In a podcast interview for EHL Hospitality Insights, EHL professors Achim Schmitt and Cindy Heo share their views on the hotel room of the future.

 

Here are excerpts of the interview:

How critical is technology in a hotel room in terms of attracting hotel guests?

Achim Schmitt: For a real estate provider who owns the hotel (property), it was in the past very beneficial to have a commoditized hotel room: a bed, a bathroom and a table, and that would be basically a nice hotel room that you could then apply to various contexts. For hotel operators, it was very easy to run, operate and clean those hotels because they didn’t need training because everything is going towards the standardization of the hotel room.

Today the industry transforms itself into a new direction due to market changes that are happening right now. We have more and more tech-savvy consumers, Generation Y is very demanding and due to their consumer habits very tech-savvy. And they want, when they stay in a hotel room, the same technological features they have at home or they even want to be surprised.

Whether every hotel room in the future needs to be tech-savvy and high technology, probably not because then there’s no diversity anymore in the market. However I would rather suggest that the hotel room and the technology in the hotel room should always support the strategic positioning of the hotel.

So whether or not you would like to have a high-touch experience and keep it in a luxury segment you should enrich it with technological components to a certain extent, but you need to find the right balance between technology and the high-touch, service experience in the future hotel room. Overall, the hotel room should always support the strategic positioning of the hotel itself. Whether the room should be always created and designed for the market, I think that’s not the right way to go in the future.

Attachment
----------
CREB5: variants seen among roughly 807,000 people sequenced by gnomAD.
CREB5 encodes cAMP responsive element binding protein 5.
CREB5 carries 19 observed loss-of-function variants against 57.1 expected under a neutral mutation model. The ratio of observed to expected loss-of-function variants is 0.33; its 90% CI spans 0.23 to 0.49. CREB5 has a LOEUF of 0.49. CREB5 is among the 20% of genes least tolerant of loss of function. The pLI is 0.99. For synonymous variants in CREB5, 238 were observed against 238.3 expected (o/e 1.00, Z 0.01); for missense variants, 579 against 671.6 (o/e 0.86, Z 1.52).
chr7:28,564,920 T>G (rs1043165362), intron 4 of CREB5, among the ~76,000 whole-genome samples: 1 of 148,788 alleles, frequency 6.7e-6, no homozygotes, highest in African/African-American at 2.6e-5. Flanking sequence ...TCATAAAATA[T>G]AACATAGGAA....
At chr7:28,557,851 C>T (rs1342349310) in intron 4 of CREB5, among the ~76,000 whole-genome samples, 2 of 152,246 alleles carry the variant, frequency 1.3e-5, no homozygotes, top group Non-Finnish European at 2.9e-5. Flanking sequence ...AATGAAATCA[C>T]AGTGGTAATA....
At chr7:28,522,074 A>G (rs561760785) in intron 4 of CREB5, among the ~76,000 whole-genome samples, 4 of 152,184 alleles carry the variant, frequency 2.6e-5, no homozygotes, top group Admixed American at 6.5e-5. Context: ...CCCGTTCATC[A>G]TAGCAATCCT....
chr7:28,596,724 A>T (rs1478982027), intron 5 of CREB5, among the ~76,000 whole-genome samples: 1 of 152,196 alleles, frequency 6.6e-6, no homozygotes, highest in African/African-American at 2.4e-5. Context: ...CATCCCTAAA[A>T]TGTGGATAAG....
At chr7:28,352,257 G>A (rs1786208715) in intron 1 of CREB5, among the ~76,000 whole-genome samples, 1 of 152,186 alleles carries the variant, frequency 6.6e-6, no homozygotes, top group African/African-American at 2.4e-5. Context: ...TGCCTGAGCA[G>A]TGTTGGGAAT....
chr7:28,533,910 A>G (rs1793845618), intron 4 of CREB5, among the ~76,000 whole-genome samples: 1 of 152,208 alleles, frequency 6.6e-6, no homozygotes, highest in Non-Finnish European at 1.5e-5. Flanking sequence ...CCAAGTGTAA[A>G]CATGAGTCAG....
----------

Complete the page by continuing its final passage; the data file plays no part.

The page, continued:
Cindy Heo: Technology will be the driving force for the future hotel room – that’s for sure. However something new or novel (in terms of) technology may not be right for the hotel. First of all they have to think about return on investment and also whether this technology can really enhance the customers’ experience. Second, whether it can improve operational efficiency. So hotels need to think whether it’s really the right technology for them. And as for simplicity, the hotel room may look simpler, but it doesn’t mean the hotel service will be simpler.

But hotels by and large are trying to introduce a ‘wow’ factor, right, especially at the high end? You really want to see the best of the best there. And presumably once we see virtual reality introduced on a mass scale, we will see elements like those seen in the video.

Cindy Heo: From the customer’s view, it may look simpler in terms of design but inside there will be more complicated technology. For example, artificial intelligence should be installed in the room connected to the voice control system. So they may have customization and personalization. But from the customer’s perspective, (where) they used to have a lot of remote controls, now many hotels control the rooms using mobile phones but even some hotels have started controlling the temperature and lighting using the voice.

Achim Schmitt: I’m a little bit conservative (regarding) virtual reality. You need to create a context to (how) virtual reality helps you to deliver an experience. When you go into a high luxury experience, it’s all about how you treat the guest and how you develop the experience for the guest throughout the touchpoints that the guest has during the hotel stay, even before and after. So whenever you can use virtual reality to enhance this experience of a hotel guest, then virtual reality/AI is well suited to support this. Whenever you over-engineer it and you may sacrifice the experience of the hotel guest, you need to scale back a bit and see whether it really makes sense to have all these features in the room. It’s a bit of a double-edged sword for me. You need to strike the right balance to support the customer experience and journey, and if we walk into a hotel room and don’t find the light switch anymore and don’t know how to turn the water on, then it has probably been over-engineered.